2. A QUIET PLACE – In terms of creativity and originality, A QUIET PLACE is only rivaled in recent times by last year’s masterpiece “Get Out.” A brief, yet sophisticated sci-fi horror tale brimming with mystery, A QUIET PLACE stars the husband/wife team of John Krasinski and Emily Blunt as a couple struggling to keep their family alive in a world taken over by aliens who react to sound. You must pay attention to the little details in this one to spot clues to the backstory, which itself is horrifying. The story has a bit of a Stephen King-like vibe to it as the suspense builds around the impending birth of a new baby. A must-see.

3. FIRST REFORMED –  Ethan Hawke shines in what is arguably writer/director Paul Schrader’s greatest cinematic endeavor. It is a work of art in every sense of the word as Hawke plays the minister of a tiny congregation in an old church in upstate New York. His character is haunted by a past that riddles him with guilt and leads him to drink. When we meet him, he has begun to keep a diary of his tormented thoughts as he tries to mentor those that are just as much pain as he is. Hawke is mesmerizing in the most brilliant performance of his career with strong supporting help from Amanda Seyfried and a nice dramatic turn by Cedric the Entertainer. The ending is haunting to say the least and will leave you and anyone you watch it with debating what it all means. 

“Olivia Colman delivers the best performance by an actress in 2018 and it’s not even close”

4. THE FAVOURITE – With some of the best costume designs you will see in any film, THE FAVOURITE is a wonderful historical drama containing the most splendid, witty dialogue of the year. Set against the backdrop of early 18th century England, two women (Rachel Weisz and Emma Stone) vie to be the favorite of the increasingly sickly Queen Anne (Olivia Colman). The political intrigue is delightful as Weisz and Stone’s characters will go to any lengths to be the apple of Queen Anne’s eye, thereby having access to tremendous power. Colman delivers the best performance by an actress in 2018 and it’s not even close. She is brilliant in every sense of the word as portrays a woman teetering on insanity after having had 18 pregnancies but no living children. There are ultimately no winners in all of it. Just tragic losers.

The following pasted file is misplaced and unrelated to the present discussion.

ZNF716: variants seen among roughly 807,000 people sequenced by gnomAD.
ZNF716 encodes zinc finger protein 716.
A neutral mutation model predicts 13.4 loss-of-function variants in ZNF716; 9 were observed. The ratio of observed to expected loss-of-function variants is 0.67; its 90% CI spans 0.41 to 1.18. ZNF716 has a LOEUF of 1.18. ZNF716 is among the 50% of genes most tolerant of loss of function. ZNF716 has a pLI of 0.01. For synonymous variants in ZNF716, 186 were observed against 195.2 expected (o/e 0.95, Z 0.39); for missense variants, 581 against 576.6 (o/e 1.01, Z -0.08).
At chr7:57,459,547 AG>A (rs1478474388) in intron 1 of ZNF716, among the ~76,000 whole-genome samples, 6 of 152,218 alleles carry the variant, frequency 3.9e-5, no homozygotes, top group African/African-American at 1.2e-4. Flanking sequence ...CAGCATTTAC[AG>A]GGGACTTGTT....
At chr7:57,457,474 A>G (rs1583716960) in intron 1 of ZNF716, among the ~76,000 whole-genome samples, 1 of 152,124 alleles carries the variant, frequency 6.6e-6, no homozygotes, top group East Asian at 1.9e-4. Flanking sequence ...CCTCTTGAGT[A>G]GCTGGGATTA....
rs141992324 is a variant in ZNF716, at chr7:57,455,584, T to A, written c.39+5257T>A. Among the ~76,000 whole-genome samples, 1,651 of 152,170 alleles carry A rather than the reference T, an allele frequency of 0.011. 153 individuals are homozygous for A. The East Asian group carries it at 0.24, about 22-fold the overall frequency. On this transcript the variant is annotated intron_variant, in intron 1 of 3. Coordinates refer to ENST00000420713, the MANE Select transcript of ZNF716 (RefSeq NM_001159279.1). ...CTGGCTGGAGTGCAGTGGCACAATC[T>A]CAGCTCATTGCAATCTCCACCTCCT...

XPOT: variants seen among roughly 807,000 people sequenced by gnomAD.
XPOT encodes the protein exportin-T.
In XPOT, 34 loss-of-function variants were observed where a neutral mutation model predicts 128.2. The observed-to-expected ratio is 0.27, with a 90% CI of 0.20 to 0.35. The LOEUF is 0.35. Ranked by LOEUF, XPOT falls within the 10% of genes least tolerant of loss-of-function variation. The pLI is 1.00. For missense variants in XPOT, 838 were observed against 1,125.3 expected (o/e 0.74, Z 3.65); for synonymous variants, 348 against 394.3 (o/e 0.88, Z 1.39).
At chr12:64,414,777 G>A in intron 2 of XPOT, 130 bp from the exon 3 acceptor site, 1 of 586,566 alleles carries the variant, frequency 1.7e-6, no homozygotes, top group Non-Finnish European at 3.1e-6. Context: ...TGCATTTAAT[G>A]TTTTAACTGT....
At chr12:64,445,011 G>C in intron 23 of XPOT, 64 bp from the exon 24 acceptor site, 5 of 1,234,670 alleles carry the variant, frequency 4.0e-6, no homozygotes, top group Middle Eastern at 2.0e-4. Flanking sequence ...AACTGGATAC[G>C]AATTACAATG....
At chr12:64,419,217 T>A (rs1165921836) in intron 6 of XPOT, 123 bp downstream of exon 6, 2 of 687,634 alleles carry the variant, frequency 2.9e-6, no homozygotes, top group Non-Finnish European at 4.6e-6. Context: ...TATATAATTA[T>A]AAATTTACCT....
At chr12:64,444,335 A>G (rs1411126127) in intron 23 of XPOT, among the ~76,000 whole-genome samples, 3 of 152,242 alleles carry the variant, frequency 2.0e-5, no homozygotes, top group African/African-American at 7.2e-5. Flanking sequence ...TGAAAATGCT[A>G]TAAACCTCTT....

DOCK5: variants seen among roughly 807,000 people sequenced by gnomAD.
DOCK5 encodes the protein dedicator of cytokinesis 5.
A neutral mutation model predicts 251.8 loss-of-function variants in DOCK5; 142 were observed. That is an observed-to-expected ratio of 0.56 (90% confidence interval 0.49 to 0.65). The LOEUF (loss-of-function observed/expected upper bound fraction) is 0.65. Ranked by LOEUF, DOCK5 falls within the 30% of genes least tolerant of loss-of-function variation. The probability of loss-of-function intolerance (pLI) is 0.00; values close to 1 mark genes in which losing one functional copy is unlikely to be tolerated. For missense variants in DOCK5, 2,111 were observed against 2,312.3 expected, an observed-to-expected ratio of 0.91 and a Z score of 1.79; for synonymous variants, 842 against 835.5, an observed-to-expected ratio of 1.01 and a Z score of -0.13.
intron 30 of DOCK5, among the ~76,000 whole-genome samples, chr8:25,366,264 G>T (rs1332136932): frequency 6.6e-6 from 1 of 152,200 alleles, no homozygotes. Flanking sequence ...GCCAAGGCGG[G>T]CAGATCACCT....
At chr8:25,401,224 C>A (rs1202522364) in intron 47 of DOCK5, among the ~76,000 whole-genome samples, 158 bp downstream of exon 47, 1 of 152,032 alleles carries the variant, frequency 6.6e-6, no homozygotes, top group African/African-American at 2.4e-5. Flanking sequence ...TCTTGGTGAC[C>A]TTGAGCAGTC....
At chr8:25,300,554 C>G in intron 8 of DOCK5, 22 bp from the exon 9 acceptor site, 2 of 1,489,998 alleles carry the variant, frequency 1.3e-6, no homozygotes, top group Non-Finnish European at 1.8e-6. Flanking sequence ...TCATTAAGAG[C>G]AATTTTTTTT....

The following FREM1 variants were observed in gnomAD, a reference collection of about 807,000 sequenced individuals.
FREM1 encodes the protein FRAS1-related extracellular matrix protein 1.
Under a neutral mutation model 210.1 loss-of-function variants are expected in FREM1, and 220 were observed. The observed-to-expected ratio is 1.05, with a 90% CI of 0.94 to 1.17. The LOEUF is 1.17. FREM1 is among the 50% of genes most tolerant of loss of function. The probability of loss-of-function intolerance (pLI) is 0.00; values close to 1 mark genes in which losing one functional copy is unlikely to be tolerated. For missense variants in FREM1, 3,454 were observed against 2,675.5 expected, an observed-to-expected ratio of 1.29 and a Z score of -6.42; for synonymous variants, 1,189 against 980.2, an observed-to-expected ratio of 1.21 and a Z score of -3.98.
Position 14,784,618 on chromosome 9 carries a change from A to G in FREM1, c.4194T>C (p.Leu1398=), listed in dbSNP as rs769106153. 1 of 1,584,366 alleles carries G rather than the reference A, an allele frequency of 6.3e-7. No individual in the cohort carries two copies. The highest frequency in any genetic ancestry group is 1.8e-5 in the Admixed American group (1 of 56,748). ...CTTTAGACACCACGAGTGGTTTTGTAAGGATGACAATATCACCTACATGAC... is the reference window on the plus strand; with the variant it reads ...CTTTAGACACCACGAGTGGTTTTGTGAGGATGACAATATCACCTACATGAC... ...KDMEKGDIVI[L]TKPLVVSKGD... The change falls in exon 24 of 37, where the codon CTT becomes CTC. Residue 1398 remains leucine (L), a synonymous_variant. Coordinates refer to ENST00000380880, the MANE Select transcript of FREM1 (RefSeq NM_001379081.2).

5. LEAVE NO TRACE – While watching the powerful performance delivered by New Zealand-born actress Thomasin McKenzie in the drama LEAVE NO TRACE, it is impossible to not think about what director/writer Debra Granik once pulled out of a relatively unknown young actress named Jennifer Lawrence. It is perhaps an unfair comparison considering that Lawrence received the first of her four Oscar nominations for her role as a tough, teenage Ozarks girl in 2010’s WINTER’S BONE. However, as Tom, McKenzie provides something that is special to watch on the silver screen. Through her eyes alone she projects her character’s tough, determined nature which she also reveals is just a façade masking a 13-year-old girl’s desperation to please a father (Ben Foster) traumatized by war. Foster once again demonstrates how skillful he has become in recent years. Pain leaks out of every pour in Foster’s skin as his character is so consumed by PTSD from combat that he puts Tom in danger every day they are on the run without thinking about what he is doing. Based upon the 2009 book My Abandonment by American novelist Peter Rock, LEAVE NO TRACE, which premiered at the 2018 Sundance Film Festival, is a moving work of genuine sadness that will pull at the heartstrings of anyone who has a heart.